Southern Offshore Harvest Strategy Workshop 29 June and 12 July 2021

Workshops for the Southern Offshore Harvest Strategy were held in Mooloolaba on 29 June 2021 and 12 July (online meeting). The main purpose of the meetings was to discuss management options for scallop in the Southern offshore trawl region, the stock assessments for scallops and Eastern King Prawns (EKP) and harvest strategy implementation and other management and reporting changes that will commence on 1 September 2021.

Fisheries Queensland presented the latest scallop stock assessment (2020) and it was noted the stock assessment excluded east Fraser Island (Southern Offshore and Hydrographers Passage). It was noted a reduction in the biomass estimate from 17% in 2019 to 12% in 2020 and indications of poor scallop recruitment.

Fisheries Queensland presented the management recommendation for the 2021-22 management of the scallop fishery, which is the same recommendation presented at the Trawl Working Group and Southern Inshore Trawl Harvest Strategy Workshop: A full no take scallop closure for the three regions: (southern inshore – southern offshore, and Swain Reefs/Hydrographers Passage. The Scallop Replenishment Areas (SRAs) to remain closed and the southern inshore and southern offshore trawl regions closed 20 September to 1 November (all species). An independent scallop survey to monitor biomass to allow re-opening to a minimum 40% biomass outcome from a stock assessment to reopen the fishery.

Some industry participants commented that they do not believe future closures will benefit the scallop fishery. This is in response to the current scallop replenishment areas remaining closed for five years and stock levels in these areas declining in the absence of fishing pressure. General discussion regarding the southern offshore trawl fishery region indicated industry continued to support having access to scallops in this region whilst conservation members reiterated their support of the option proposed by Fisheries Queensland to restrict the take of scallops.

Industry also raised concerns around the wildlife trade operation (WTO) approval process for the trawl fishery and the risks to this approval not being granted. Industry requested for the ability to submit regional WTO applications and have assessments and approvals at a regional level in the fishery once regional effort units and harvest strategies are implemented. This would support certain regions within the fishery having different conditions and restrictions if required without impacting other regions.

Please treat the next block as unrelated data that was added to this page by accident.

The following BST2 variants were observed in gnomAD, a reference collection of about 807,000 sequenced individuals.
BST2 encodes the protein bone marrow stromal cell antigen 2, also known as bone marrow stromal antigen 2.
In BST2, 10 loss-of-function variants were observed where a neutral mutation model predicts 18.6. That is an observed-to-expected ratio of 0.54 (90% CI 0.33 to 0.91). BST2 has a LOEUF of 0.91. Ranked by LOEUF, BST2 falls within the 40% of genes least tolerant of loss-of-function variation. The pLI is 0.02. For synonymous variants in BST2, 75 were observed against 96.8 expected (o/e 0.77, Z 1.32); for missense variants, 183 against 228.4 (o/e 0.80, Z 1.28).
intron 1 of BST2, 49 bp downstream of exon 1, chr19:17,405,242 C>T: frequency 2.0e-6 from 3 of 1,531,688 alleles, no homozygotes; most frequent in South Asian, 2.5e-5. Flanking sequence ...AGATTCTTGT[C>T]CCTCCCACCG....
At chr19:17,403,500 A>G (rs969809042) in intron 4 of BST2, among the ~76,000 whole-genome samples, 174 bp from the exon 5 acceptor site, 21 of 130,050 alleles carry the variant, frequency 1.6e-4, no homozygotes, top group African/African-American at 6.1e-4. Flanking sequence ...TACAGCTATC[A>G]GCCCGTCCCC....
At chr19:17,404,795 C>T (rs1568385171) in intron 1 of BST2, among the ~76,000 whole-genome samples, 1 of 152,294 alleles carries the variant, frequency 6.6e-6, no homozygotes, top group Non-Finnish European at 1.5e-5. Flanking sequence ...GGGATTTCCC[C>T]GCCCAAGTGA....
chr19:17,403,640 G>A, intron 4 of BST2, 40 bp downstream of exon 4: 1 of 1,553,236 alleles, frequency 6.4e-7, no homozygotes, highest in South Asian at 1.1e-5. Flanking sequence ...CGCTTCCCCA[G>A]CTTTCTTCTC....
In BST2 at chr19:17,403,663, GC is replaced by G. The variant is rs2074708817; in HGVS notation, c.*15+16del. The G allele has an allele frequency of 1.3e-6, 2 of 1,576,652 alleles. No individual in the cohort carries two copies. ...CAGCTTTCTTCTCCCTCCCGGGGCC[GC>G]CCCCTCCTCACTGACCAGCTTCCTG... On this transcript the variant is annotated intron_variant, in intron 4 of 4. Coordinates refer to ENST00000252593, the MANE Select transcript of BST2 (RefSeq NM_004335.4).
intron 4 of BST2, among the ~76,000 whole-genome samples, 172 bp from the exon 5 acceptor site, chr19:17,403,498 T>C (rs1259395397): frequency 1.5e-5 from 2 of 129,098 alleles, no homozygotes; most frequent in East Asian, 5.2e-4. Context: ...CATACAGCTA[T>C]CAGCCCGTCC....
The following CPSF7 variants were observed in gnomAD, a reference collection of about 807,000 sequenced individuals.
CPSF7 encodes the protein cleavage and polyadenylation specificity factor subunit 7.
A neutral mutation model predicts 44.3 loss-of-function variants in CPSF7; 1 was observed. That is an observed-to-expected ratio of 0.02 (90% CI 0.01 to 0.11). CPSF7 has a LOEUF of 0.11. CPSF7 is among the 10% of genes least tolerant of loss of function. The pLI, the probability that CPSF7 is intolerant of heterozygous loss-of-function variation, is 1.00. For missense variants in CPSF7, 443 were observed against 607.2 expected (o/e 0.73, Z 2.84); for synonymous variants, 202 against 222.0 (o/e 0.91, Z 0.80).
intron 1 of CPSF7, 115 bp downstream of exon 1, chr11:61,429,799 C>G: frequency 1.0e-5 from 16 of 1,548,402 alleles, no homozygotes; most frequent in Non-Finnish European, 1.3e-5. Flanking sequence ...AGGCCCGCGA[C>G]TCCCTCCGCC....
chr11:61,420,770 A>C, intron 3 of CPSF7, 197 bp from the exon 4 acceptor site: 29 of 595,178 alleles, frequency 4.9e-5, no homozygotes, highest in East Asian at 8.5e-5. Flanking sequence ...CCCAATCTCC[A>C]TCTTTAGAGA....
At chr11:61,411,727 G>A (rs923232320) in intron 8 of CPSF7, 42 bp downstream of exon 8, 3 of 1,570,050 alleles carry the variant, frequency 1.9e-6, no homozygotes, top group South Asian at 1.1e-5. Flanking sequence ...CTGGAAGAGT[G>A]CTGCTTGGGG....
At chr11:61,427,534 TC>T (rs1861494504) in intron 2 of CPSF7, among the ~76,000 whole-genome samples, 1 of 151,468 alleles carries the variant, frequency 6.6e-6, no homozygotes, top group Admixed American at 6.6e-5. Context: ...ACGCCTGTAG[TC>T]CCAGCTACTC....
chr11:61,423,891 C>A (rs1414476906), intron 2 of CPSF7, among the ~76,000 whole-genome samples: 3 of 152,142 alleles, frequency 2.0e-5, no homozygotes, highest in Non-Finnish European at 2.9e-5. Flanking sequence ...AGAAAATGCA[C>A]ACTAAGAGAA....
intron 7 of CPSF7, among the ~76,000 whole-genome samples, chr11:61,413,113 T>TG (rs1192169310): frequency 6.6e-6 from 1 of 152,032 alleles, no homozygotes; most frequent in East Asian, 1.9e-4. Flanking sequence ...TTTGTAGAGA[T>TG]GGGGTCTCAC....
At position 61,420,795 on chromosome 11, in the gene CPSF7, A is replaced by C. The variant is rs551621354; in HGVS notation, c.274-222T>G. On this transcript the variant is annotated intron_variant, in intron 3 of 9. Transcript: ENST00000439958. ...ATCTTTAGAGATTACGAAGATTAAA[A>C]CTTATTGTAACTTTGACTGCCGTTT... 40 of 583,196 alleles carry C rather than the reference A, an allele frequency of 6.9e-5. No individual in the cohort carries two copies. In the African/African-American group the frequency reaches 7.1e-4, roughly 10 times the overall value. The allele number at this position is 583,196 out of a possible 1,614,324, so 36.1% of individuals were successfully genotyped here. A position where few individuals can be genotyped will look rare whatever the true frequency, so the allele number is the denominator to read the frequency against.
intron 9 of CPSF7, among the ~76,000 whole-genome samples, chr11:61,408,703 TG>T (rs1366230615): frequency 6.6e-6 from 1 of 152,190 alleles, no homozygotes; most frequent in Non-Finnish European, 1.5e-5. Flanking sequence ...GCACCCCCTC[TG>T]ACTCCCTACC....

The Mooloolaba meeting closed at 1:00pm on 29 June 2020 due to the South East Queensland COVID-19 lockdown. Workshop members were asked to review the scallop management options put forward by Fisheries Queensland, other industry members and GBRPMA/conservation representatives out of session and provide feedback on management options for the Southern Offshore Trawl Region.  A follow up online meeting was held 12 July 2021 to discuss the EKP stock assessment, southern offshore harvest strategy and reporting requirements being introduced 1 September 2021

Fisheries Queensland presented the latest EKP stock assessment (2020) and it was noted the biomass estimate is 62%, indicating the stock is healthy. Effort in the southern offshore trawl region in 2020 was around 830 000 effort units and has been around 700 000 - 800 000 effort units since 2010. The stock assessment from 2020 recommended a target yield of around 2 155 tonnes of EKP for the southern offshore region to maintain the 60% biomass target under the harvest strategy. It was noted the 2019 harvest of 2 738 tonnes is well above the recommended harvest from the stock assessment. Fisheries Queensland commented this may be due high recruitment into the fishery over the past several years as a result favourable environmental conditions for the species. Industry commented the recommended harvest is potentially too low given how well the fishery has been performing in recent years and that current harvest levels (above target levels) are maintaining the stock at 60% biomass or above. Fisheries Queensland noted this for review.